The BC Building Trades is generally pleased with proposed amendments to the BC Labour Code announced this morning by Labour Minister Harry Bains.
“We are pleased with many of the proposed amendments, and we thank the minister for initiating the first full review of the code in 27 years – it was long overdue,” said BCBT executive director Tom Sigurdson.
In particular, BCBT applauds the government for changing the raid window for construction unions to the busy summer months of July and August in each year of a collective agreement. Currently, the code allows a raid to take place during low employment periods (November and December, for example), enabling employers to prevent raids by legitimate trade unions by crewing down to only those workers loyal to the company.
“Construction is cyclical based on investment,” Sigurdson explains. “It is, regardless of the economic cycle, always seasonal. Most construction work peaks in the summertime. This is the time when construction workers are best able to democratically determine if they want to have union representation.”
To give the raid period context, he notes that most construction jobs last about three months. “It is not at all like static industry where workers can work for years for the same employer. Construction workers ought to be offered the opportunity to select union representation on a frequent basis, which would be consistent with the precarious nature of their employment.”
BCBT is also pleased the time between an application for union certification and a reconfirmation vote by secret ballot has been reduced from 10 to five business days. However, Sigurdson is extremely disappointed the secret ballot itself is not being eliminated. In B.C., workers who wish to join a union must first sign a union card and, after a waiting period during which the employer typically campaigns against unionization, must reiterate their vote through a secret ballot.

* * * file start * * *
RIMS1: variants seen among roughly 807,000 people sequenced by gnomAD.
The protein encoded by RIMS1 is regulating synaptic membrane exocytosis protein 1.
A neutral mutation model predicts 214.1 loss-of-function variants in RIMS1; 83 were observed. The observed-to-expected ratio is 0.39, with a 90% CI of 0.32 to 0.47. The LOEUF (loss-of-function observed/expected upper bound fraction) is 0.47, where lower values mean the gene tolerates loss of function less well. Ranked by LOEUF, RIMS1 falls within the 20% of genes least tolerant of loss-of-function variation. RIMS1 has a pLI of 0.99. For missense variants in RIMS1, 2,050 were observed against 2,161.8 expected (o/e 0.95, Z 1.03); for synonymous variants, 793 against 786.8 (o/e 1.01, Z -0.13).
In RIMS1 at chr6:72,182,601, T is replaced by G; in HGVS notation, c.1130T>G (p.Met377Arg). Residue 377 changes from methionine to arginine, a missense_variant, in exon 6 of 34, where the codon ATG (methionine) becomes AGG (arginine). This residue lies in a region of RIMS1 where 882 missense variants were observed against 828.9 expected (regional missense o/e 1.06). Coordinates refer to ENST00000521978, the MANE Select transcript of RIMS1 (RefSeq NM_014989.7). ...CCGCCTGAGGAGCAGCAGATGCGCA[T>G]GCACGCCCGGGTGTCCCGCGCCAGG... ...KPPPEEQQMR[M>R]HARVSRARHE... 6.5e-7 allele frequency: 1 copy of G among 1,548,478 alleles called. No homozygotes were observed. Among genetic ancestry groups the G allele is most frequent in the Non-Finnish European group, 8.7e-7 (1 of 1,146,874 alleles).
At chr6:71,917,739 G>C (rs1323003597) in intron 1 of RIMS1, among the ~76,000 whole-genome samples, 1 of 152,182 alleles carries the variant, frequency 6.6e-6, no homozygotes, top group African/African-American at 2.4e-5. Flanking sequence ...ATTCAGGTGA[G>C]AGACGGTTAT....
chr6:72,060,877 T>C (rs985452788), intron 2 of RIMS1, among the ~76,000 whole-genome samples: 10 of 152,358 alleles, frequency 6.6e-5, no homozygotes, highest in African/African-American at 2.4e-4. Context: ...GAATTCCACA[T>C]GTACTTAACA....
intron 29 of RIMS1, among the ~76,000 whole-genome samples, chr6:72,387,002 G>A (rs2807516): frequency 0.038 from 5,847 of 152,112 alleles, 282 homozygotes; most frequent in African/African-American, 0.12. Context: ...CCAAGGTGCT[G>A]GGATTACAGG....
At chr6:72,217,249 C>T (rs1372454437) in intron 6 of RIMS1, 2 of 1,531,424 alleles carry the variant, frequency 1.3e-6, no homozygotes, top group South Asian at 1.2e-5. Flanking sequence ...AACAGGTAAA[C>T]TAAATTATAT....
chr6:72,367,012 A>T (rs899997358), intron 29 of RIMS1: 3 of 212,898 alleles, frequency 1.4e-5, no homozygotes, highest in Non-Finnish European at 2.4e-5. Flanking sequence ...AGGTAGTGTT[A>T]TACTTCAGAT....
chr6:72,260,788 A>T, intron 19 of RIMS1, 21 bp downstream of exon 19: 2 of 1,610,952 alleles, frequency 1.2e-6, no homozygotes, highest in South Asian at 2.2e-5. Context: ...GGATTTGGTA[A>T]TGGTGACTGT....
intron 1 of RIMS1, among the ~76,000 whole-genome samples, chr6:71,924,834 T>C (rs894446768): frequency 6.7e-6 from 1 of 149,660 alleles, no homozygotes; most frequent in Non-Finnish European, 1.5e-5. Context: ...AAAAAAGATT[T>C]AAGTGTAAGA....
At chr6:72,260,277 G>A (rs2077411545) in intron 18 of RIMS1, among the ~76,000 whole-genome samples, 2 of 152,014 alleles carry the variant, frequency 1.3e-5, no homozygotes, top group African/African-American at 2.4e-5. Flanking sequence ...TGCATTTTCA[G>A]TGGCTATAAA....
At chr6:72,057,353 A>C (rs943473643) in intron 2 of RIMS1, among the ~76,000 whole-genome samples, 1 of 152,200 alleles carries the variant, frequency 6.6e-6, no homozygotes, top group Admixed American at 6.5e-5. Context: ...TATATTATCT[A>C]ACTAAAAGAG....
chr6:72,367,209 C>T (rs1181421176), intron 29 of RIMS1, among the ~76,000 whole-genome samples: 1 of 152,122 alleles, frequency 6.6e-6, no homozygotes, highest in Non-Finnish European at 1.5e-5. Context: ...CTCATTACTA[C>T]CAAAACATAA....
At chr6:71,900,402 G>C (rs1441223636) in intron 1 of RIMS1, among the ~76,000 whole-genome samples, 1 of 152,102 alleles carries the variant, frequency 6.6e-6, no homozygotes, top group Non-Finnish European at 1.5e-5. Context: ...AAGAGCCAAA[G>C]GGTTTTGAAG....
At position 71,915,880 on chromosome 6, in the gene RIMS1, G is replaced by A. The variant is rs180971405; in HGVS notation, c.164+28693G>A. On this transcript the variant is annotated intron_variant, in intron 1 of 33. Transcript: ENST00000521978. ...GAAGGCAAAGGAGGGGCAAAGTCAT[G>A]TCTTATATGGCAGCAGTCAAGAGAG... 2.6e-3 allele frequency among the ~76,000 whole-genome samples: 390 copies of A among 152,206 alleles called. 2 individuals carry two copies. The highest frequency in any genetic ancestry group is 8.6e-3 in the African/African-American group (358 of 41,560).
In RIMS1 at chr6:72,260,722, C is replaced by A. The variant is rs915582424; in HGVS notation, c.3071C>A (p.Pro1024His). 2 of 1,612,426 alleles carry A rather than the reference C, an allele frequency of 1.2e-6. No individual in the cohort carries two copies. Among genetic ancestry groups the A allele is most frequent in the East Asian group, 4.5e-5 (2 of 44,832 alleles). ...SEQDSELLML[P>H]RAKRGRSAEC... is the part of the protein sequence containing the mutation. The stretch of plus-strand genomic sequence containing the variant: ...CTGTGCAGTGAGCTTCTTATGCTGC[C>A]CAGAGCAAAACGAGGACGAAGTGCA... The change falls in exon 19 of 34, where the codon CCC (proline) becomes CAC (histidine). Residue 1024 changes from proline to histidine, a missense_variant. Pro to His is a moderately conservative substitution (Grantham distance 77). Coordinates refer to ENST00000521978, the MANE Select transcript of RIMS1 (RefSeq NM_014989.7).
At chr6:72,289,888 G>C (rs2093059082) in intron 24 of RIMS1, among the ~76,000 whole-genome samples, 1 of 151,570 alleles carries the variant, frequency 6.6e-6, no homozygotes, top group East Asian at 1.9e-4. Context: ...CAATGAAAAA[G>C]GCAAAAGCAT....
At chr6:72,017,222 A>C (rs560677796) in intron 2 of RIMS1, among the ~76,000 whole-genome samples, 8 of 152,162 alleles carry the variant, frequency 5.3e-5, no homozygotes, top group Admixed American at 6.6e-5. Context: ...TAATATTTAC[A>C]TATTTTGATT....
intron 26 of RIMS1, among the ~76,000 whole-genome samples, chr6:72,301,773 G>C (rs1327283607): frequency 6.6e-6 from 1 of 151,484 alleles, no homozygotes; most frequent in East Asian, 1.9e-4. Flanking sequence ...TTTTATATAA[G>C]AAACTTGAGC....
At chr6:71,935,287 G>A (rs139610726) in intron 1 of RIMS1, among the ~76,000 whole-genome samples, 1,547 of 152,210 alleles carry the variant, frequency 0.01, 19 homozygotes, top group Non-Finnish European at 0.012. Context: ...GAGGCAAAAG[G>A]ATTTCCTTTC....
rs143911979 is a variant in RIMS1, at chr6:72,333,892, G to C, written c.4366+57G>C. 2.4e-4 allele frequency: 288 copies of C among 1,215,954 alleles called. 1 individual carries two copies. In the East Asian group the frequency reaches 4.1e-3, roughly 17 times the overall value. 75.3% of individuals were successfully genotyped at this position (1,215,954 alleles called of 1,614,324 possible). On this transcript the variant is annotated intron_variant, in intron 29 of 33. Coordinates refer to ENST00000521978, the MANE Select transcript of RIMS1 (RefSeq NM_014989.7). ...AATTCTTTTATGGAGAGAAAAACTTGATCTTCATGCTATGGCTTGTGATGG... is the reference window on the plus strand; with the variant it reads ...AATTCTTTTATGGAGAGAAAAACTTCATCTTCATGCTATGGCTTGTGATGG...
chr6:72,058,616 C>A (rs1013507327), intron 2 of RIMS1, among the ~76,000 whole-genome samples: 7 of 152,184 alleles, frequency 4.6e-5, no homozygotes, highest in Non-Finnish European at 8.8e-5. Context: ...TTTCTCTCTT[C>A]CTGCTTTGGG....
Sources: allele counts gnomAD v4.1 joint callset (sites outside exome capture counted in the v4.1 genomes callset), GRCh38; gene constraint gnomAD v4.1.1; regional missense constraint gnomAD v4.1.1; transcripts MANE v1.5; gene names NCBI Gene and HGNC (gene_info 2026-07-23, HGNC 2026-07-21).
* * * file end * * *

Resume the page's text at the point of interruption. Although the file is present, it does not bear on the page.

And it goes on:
“Most jurisdictions in Canada have a card-based certification system and so it’s disheartening that B.C. has decided to remain behind the times and continue with an Orwellian-styled double-vote process whose only goal is to limit employee choice,” said Sigurdson.
Sigurdson also issues a cautionary note: even though the time for a certification drive has been reduced to five days, “that’s still five days, plus a weekend, in which an employer can engage in anti-union activities and propaganda.”
Indeed, the Labour Code review panel examined unfair labour practice complaints over a 17-year period between 1990 and 2007 and noted that more than 90 per cent of the unfair labour practice complaints filed against employers involved either unlawful termination or communication during a union organizing drive.
The review panel also noted that unlawful termination of employees resulted in an estimated 31 per cent reduction in the success of union certification applications, “and that group coercion resulted in an estimated 19 per cent reduction in success rates.”
“Make no mistake, unscrupulous employers ‘do not go gentle into that good night’ when their employees take steps to seek union representation,” said Sigurdson. “Ironically, a two-step certification process that demands workers reconfirm their wishes to unionize only infringes on the democratic rights of workers to choose.”
Finally, BCBT is pleased the recommendations do not include a narrow and restrictive definition of construction. The review panel had proposed the definition, which was puzzling since it had not been requested during the public consultation process.
BCBT was among a large number of organizations participating in the consultation process for the Labour Code review. BCBT submitted its initial recommendations to the review panel in spring 2018, and followed up with additional feedback in November 2018 following the release of the panel’s recommendations.
BCBT had requested to the review panel a construction industry-specific review and while that recommendation was not accepted, the Building Trades will continue to advocate for that review.
“Due to its cyclical nature, our sector faces unique challenges that demand unique solutions, and those will only be achieved through an independent review process,” said Sigurdson.
For further information:
BC Building Trades
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